Black Knight (Arthurian legend)

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For other uses, see Black knight (disambiguation).

The Black Knight appears in various forms in Arthurian legend.

In Sir Perceval of Galles (written in the early-14th Century), the Black Knight jealously tied his wife to a tree after hearing she had exchanged rings with Perceval. Perceval defeated the black knight and explained that it was an innocent exchange.

A supernatural Black Knight is summoned by Sir Calogrenant (Cynon ap Clydno in Welsh mythology) in the tale of Yvain, the Knight of the Lion. The Black Knight bests Calogrenant, but the Black Knight is later killed by Ywain (Owain mab Urien) when he attempts to complete the quest that Calogrenant failed.[1]

A black knight is the son of Tom a'Lincoln and Anglitora (the daughter of Prester John) in Richard Johnson's Arthurian romance, Tom a'Lincoln. Through Tom, he is a grandson of King Arthur's, though his proper name is never given. He killed his mother after hearing from his father's ghost that she had murdered him. He later joined the Faerie Knight, his half-brother, in adventures.

A black knight is also mentioned La Morte D'Arthur: The Tale of Sir Gareth (book 4) as having been killed by Gareth when he was traveling to rescue Lyonesse.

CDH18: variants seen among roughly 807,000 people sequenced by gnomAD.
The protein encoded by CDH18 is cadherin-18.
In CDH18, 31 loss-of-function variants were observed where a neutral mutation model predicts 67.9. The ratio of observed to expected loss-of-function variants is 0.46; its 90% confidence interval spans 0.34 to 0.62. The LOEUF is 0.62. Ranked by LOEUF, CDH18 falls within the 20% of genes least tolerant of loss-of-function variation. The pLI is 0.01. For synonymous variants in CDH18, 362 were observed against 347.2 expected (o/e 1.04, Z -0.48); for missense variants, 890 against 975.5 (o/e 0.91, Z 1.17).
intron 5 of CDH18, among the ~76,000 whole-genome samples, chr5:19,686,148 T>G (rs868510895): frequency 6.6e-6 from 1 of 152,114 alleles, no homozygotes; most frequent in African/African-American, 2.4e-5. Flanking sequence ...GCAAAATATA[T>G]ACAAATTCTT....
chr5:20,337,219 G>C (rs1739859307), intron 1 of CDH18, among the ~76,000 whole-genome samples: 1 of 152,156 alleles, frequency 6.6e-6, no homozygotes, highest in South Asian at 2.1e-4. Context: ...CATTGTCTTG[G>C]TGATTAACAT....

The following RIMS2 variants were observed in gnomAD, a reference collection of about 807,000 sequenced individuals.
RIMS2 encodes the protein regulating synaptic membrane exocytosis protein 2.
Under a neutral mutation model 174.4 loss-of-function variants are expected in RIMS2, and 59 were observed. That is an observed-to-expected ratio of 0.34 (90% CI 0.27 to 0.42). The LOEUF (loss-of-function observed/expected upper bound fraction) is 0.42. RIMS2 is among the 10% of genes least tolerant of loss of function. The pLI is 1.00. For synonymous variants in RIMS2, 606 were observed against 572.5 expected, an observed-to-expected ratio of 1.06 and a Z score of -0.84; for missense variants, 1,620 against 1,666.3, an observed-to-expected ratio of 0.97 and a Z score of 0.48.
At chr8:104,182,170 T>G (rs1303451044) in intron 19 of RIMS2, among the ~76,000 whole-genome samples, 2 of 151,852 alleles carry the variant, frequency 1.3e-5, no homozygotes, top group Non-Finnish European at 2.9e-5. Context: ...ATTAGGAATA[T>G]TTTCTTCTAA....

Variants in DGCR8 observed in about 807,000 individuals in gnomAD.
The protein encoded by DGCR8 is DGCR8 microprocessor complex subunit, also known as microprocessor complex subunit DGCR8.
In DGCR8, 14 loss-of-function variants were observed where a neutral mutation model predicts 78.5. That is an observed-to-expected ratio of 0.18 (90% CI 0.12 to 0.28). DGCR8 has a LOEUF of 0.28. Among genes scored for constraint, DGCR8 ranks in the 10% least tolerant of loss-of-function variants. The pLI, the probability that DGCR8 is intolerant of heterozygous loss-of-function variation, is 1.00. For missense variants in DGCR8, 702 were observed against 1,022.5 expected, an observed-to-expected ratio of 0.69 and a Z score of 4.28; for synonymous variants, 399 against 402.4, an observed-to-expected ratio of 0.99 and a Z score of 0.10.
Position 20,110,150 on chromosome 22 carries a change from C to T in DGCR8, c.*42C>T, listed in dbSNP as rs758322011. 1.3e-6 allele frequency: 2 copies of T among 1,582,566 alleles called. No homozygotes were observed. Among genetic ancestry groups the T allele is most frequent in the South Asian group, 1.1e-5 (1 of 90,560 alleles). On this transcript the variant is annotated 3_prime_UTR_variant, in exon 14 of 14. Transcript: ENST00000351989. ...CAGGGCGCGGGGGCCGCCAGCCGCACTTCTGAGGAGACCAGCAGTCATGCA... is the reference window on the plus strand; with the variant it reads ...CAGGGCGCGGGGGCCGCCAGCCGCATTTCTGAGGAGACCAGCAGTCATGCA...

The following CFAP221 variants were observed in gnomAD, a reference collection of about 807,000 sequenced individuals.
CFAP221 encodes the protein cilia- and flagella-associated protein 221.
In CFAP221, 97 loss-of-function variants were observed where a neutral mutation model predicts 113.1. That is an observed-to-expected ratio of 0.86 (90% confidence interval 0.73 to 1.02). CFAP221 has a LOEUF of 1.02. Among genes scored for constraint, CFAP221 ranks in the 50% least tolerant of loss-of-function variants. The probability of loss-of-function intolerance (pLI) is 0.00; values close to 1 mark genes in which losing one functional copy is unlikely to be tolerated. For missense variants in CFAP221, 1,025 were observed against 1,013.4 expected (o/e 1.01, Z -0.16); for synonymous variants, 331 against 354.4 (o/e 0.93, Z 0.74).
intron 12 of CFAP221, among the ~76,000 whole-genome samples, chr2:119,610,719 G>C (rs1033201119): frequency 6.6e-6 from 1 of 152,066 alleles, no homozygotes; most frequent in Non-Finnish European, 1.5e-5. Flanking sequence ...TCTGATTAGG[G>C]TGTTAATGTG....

In popular culture[edit]


  • In the film The Black Knight (1954), Alan Ladd plays a character whose alter-ego is the Knight, who defends Camelot and King Arthur against a plot to bring down the kingdom.


  • In the video game Dark Souls (2011), Black Knights are featured as enemies.
  • In the MMORPG series RuneScape, the Kinshra is a fictional organization nicknamed "black knights" by commoners.
  • In the video game Shovel Knight (2014), Black Knight is the rival of the title character.


  • In Edmund Spenser's epic poem The Faerie Queene, Prince Arthur kills a giant, black-clad knight, named Orgoglio (Pride), after first severing his arms and legs.
  • In Elly Griffiths' fifth Ruth Galloway novel, A Dying Fall (2012), an archaeologist discovers King Arthur's remains, and DNA analysis confirms what the skull's characteristics imply: the knight was black (specifically, of North African lineage), setting off a mysterious and dangerous chain of events.


  1. ^ Cotterell, Arthur; Storm, Rachel (1999). The Ultimate Encyclopedia of Mythology. Hermes House. p. 161. ISBN 1-84038-516-2. 

See also[edit]